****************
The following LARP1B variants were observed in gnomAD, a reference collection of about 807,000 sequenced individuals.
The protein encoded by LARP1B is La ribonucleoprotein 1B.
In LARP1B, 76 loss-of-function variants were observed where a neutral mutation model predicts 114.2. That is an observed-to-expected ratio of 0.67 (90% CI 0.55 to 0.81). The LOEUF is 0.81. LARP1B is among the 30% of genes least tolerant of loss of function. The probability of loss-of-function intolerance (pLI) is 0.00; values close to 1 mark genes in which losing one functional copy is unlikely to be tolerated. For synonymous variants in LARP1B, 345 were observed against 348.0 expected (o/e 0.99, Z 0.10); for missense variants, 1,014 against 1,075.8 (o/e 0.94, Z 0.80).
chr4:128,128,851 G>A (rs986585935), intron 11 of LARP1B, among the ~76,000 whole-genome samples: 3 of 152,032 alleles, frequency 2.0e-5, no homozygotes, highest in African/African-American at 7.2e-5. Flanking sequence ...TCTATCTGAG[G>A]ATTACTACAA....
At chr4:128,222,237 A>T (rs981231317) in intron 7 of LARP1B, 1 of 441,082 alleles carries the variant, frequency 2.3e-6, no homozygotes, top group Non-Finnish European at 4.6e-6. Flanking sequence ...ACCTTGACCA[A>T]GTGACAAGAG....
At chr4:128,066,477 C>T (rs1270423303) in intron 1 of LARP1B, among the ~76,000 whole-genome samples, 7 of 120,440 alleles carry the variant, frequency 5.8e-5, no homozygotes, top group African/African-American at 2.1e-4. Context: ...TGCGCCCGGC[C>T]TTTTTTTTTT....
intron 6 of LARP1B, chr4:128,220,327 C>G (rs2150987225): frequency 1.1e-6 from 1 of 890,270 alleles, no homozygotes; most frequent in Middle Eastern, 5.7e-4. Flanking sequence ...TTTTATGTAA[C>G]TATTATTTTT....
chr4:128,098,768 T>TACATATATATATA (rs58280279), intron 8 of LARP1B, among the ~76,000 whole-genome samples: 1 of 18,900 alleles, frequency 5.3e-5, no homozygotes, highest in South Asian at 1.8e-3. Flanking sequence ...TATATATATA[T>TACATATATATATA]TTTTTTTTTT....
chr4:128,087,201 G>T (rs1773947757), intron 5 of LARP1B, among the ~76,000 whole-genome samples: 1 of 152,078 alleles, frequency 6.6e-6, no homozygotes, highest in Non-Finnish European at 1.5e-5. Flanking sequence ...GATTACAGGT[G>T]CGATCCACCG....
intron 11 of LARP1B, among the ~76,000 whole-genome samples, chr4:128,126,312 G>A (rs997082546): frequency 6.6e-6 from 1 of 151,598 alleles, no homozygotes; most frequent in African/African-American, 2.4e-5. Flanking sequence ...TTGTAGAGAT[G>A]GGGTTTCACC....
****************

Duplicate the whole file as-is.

The following LARP1B variants were observed in gnomAD, a reference collection of about 807,000 sequenced individuals.
The protein encoded by LARP1B is La ribonucleoprotein 1B.
In LARP1B, 76 loss-of-function variants were observed where a neutral mutation model predicts 114.2. That is an observed-to-expected ratio of 0.67 (90% CI 0.55 to 0.81). The LOEUF is 0.81. LARP1B is among the 30% of genes least tolerant of loss of function. The probability of loss-of-function intolerance (pLI) is 0.00; values close to 1 mark genes in which losing one functional copy is unlikely to be tolerated. For synonymous variants in LARP1B, 345 were observed against 348.0 expected (o/e 0.99, Z 0.10); for missense variants, 1,014 against 1,075.8 (o/e 0.94, Z 0.80).
chr4:128,128,851 G>A (rs986585935), intron 11 of LARP1B, among the ~76,000 whole-genome samples: 3 of 152,032 alleles, frequency 2.0e-5, no homozygotes, highest in African/African-American at 7.2e-5. Flanking sequence ...TCTATCTGAG[G>A]ATTACTACAA....
At chr4:128,222,237 A>T (rs981231317) in intron 7 of LARP1B, 1 of 441,082 alleles carries the variant, frequency 2.3e-6, no homozygotes, top group Non-Finnish European at 4.6e-6. Flanking sequence ...ACCTTGACCA[A>T]GTGACAAGAG....
At chr4:128,066,477 C>T (rs1270423303) in intron 1 of LARP1B, among the ~76,000 whole-genome samples, 7 of 120,440 alleles carry the variant, frequency 5.8e-5, no homozygotes, top group African/African-American at 2.1e-4. Context: ...TGCGCCCGGC[C>T]TTTTTTTTTT....
intron 6 of LARP1B, chr4:128,220,327 C>G (rs2150987225): frequency 1.1e-6 from 1 of 890,270 alleles, no homozygotes; most frequent in Middle Eastern, 5.7e-4. Flanking sequence ...TTTTATGTAA[C>G]TATTATTTTT....
chr4:128,098,768 T>TACATATATATATA (rs58280279), intron 8 of LARP1B, among the ~76,000 whole-genome samples: 1 of 18,900 alleles, frequency 5.3e-5, no homozygotes, highest in South Asian at 1.8e-3. Flanking sequence ...TATATATATA[T>TACATATATATATA]TTTTTTTTTT....
chr4:128,087,201 G>T (rs1773947757), intron 5 of LARP1B, among the ~76,000 whole-genome samples: 1 of 152,078 alleles, frequency 6.6e-6, no homozygotes, highest in Non-Finnish European at 1.5e-5. Flanking sequence ...GATTACAGGT[G>T]CGATCCACCG....
intron 11 of LARP1B, among the ~76,000 whole-genome samples, chr4:128,126,312 G>A (rs997082546): frequency 6.6e-6 from 1 of 151,598 alleles, no homozygotes; most frequent in African/African-American, 2.4e-5. Flanking sequence ...TTGTAGAGAT[G>A]GGGTTTCACC....